1695: Henry Darnall, cousin of Lord Baltimore, is granted the Hampton property.
1745: Colonel Charles Ridgely buys 1,500 acres of Northampton from Darnall's daughter, Ann Hill. He expands his holdings to 11,000 acres.
1760: Charles Ridgely, Jr., known as the Captain, receives Northampton tract from his father. Colonel Ridgely, with sons Charles and John, establishes ironworks on a tributary of the Gunpowder River.
1775--83. Revolutionary War. Ridgely ironworks supply arms and implements to the Patriot cause.
1783: Captain Ridgely begins construction of mansion. Ridgely holdings grow to 24,000 acres.
1790: Captain's nephew Charles Carnan Ridgely inherits 12,000 acres and two-thirds of ironworks. That year his son John is born in the mansion.
1790--1829: Ridgely's empire grows to 25,000 acres with ironworks, grain crops, beef cattle, thoroughbred horses, coal mining, marble quarries, mills, and mercantile interests. In 1815 Ridgely is elected Governor of Maryland.
1828: John Carnan Ridgely marries Eliza Eichelberger Ridgely (no relation.) John inherits the house and 4,500 acres in 1829, remainder of the property is split among other heirs. The Governor's will also frees most of his 300-plus slaves.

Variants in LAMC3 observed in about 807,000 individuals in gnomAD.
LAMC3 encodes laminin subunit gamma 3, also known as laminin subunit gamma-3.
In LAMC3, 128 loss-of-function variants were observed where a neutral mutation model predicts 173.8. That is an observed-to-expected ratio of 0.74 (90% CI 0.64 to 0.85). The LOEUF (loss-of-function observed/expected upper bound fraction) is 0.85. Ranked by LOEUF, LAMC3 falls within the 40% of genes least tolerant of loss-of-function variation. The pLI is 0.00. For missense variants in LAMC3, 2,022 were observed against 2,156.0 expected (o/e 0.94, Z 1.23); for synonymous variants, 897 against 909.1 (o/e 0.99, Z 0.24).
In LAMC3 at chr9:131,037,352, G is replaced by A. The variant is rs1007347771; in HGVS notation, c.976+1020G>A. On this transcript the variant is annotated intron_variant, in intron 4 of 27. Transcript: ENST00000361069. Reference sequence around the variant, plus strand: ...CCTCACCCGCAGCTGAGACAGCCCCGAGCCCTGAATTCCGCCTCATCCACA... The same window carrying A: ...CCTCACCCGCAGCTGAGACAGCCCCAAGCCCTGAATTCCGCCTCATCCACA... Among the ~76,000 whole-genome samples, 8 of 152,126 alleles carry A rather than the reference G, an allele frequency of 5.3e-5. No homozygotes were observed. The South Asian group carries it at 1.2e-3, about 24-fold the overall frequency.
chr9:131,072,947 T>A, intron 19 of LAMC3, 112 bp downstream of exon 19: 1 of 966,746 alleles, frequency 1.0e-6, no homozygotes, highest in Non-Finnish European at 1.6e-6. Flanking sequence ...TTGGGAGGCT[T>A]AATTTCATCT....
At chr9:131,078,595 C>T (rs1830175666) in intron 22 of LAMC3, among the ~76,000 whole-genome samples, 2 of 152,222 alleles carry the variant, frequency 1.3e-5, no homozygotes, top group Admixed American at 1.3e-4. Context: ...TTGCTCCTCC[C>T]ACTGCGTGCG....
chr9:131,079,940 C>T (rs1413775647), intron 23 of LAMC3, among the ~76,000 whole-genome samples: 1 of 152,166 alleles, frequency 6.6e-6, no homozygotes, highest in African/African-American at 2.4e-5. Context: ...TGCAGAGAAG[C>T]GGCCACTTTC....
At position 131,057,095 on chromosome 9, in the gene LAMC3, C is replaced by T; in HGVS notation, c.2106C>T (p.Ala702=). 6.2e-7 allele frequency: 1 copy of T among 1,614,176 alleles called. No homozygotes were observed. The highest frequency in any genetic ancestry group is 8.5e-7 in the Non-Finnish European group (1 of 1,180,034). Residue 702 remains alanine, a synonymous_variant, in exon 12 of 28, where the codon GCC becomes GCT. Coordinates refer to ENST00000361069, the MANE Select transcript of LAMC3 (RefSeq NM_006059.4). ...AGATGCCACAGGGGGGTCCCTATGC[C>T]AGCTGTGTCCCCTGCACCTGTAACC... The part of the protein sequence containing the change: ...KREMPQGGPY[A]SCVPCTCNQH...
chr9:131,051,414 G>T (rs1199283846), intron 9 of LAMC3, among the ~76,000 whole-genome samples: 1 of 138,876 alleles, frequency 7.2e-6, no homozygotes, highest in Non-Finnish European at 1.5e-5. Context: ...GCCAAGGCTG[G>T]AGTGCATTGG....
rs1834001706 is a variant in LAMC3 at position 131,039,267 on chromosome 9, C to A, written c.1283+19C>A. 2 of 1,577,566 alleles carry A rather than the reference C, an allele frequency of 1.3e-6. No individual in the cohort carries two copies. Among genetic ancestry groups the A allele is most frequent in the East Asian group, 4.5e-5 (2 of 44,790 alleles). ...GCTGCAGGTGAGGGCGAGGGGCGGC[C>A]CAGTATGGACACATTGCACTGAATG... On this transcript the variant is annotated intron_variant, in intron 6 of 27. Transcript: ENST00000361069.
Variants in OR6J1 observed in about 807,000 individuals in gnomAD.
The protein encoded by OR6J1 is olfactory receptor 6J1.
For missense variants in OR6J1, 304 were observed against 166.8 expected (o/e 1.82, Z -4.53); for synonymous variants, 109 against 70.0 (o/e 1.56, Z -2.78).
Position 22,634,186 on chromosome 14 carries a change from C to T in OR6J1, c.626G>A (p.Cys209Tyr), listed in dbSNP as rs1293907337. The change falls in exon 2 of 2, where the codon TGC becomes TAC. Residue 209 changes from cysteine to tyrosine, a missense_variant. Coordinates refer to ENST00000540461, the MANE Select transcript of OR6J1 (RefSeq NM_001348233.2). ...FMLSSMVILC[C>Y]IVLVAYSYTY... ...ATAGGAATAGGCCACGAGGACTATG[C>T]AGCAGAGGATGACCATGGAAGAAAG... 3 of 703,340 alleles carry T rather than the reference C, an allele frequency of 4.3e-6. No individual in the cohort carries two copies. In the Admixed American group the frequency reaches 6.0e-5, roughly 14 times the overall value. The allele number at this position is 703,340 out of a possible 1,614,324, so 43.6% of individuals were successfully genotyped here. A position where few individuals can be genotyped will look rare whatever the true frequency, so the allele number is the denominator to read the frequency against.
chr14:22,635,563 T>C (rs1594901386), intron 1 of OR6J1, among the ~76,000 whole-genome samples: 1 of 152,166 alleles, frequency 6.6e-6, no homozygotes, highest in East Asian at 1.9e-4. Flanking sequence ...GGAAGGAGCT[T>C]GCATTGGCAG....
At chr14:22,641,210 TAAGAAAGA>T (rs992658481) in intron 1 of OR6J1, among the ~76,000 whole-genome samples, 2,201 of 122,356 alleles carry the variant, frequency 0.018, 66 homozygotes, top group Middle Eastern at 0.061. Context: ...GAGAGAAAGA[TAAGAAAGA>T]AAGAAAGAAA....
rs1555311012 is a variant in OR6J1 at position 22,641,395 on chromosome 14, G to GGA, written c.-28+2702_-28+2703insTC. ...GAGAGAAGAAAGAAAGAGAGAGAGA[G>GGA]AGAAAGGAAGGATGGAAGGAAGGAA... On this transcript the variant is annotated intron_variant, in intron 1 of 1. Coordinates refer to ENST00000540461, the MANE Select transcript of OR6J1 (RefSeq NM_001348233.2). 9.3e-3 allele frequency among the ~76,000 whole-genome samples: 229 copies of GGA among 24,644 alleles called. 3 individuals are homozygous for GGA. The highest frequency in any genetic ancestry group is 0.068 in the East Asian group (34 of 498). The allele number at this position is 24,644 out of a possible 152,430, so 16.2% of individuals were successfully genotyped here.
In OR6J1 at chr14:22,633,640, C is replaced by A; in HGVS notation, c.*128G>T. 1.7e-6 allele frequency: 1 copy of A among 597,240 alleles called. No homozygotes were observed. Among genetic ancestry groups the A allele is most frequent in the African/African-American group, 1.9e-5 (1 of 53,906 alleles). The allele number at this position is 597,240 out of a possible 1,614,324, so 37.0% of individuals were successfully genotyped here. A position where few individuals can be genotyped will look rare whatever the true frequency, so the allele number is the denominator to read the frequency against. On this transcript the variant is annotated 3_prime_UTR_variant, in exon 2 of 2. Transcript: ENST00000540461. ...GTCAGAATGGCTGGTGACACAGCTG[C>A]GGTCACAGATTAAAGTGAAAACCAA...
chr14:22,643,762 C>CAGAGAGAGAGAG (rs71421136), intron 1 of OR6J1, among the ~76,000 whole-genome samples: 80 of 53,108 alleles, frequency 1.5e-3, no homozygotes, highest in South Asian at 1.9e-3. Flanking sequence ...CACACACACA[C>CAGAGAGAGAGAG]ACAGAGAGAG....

1861--65: Civil War. The end of slavery (1864 in Maryland) and economic hardships begin Hampton's decline.
1867: John and Eliza's son Charles, who had managed the estate for almost two decades, inherits the property.
1872: House and remaining 1,000 acres go to son "Captain John" Ridgely upon the death of Charles. In the 1880s John's mother Margaretta Sophia Howard Ridgely oversees major renovations to the mansion.
1938: John Ridgely Jr. inherits core of Hampton property and resides in mansion with family.
1948: Based on outstanding architectural merit, mansion and 43 acres are designated a national historic site. John Ridgely Jr. and his wife continue to live at Hampton, residing in the farmhouse, mansion is opened for tours.
1979: National Park Service takes over administration of the mansion and 60 acres.